> Maybe borrowing a word from a different language—record or datatype or something—would avoid that problem?

Hmm, I don't think "record" would work. The terms "record", "struct", and "tuple" are far too synonymous with one another (https://en.wikipedia.org/wiki/Record_(computer_science)). This term would have to be something that would apply to namedtuples (or similarly structured datatype) without applying to tuples as well.

Perhaps something like "associative container" might be more viable? This would apply to any type that could be directly converted to or represented as a dictionary.

On Wed, Oct 16, 2019 at 8:18 PM Andrew Barnert via Python-ideas <python-ideas@python.org> wrote:
On Oct 16, 2019, at 13:48, Steven D'Aprano <steve@pearwood.info> wrote:
>
> I don't think that "structural" is the word you are looking for. Lists
> and tuples and sets are all structural. That's why they're called "data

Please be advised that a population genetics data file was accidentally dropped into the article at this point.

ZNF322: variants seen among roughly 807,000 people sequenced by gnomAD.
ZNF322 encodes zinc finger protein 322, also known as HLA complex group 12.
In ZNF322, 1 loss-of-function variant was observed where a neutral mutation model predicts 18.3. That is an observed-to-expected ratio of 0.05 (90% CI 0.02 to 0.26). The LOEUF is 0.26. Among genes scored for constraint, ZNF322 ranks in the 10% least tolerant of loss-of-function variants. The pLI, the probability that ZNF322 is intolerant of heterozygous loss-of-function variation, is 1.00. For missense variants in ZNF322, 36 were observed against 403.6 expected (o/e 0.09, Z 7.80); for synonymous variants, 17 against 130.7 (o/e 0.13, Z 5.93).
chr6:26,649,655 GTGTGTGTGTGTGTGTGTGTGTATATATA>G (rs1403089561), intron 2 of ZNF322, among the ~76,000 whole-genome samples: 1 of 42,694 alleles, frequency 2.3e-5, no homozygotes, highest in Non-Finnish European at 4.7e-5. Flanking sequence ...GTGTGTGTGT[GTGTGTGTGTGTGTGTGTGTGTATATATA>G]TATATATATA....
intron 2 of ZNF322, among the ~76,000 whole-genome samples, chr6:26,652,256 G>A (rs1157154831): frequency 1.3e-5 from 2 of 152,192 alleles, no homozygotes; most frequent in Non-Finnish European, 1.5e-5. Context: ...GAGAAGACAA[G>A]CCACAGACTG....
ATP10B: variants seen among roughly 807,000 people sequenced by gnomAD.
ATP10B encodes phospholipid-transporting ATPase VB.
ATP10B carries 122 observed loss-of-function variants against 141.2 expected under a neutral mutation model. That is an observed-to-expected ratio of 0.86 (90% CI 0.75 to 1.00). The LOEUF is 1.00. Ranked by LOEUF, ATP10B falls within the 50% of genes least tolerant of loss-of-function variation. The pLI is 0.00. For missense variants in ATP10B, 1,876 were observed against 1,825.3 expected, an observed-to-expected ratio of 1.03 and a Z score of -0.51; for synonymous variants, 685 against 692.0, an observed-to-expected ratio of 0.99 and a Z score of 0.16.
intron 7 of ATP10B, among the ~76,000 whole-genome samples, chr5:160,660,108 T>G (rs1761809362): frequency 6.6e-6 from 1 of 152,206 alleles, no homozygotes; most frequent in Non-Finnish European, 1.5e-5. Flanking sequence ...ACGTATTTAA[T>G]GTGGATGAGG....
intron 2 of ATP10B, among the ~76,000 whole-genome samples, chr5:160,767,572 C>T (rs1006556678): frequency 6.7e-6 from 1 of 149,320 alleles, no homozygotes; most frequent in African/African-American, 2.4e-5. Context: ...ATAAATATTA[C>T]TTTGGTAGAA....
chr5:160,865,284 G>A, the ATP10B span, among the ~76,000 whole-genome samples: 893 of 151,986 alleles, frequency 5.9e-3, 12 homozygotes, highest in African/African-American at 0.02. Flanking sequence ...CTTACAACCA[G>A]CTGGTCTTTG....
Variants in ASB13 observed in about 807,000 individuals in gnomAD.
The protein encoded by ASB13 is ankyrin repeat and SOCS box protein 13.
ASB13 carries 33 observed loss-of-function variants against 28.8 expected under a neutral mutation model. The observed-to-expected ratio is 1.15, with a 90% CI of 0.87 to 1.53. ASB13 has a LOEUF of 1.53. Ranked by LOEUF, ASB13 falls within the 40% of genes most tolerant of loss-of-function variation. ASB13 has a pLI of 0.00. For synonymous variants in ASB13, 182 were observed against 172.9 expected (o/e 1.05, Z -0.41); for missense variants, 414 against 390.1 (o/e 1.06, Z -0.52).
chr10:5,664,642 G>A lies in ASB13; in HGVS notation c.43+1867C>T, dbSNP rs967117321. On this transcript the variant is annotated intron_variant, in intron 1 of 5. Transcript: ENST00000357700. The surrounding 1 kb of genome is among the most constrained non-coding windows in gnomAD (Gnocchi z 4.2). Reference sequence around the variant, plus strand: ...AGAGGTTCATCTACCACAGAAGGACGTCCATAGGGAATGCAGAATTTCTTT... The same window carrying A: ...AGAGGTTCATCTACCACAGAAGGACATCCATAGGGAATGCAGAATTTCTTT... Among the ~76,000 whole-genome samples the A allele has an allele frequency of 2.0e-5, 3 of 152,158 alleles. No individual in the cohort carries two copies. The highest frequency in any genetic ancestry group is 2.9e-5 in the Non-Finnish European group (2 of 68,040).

> structures".

I think what he’s looking for is the adjective that goes with the quasi-word “struct” as used in C, and in Python’s ctypes and C API. The type name “Struct” isn’t bad here, but the adjective “structural” has to many other connotations.

Maybe borrowing a word from a different language—record or datatype or something—would avoid that problem?

But I think the big problem here is the one you identified. We can make a list of things that are “like C structs” (which should probably include structseq builtin/extension types, ctypes.Struct, third-party stuff like attrs and maybe numpy structured dtypes, in addition to namedtuple and dataclass). Maybe we could even come up with a way to either programmatically detect them or get them all registered. But what would you do with it?

It might be useful for reflection if there were a way to enumerate all of the “struct fields” that worked for all “struct types”, but there isn’t.

Also, while all of these things _allow_ you to define a plain-old-data struct, none of them _require_ it. You can have a dataclass, namedtuple subclass, structseq, ctypes.Struct, etc. that has all kinds of fancy behavior, including not just methods, but @property and weird __new__ overloads and even custom __getattribute__. And of course you can just as easily define a regular old class and then use it as a plain-old-data struct. So, would this even be useful as a hint, much less a guarantee, of anything?
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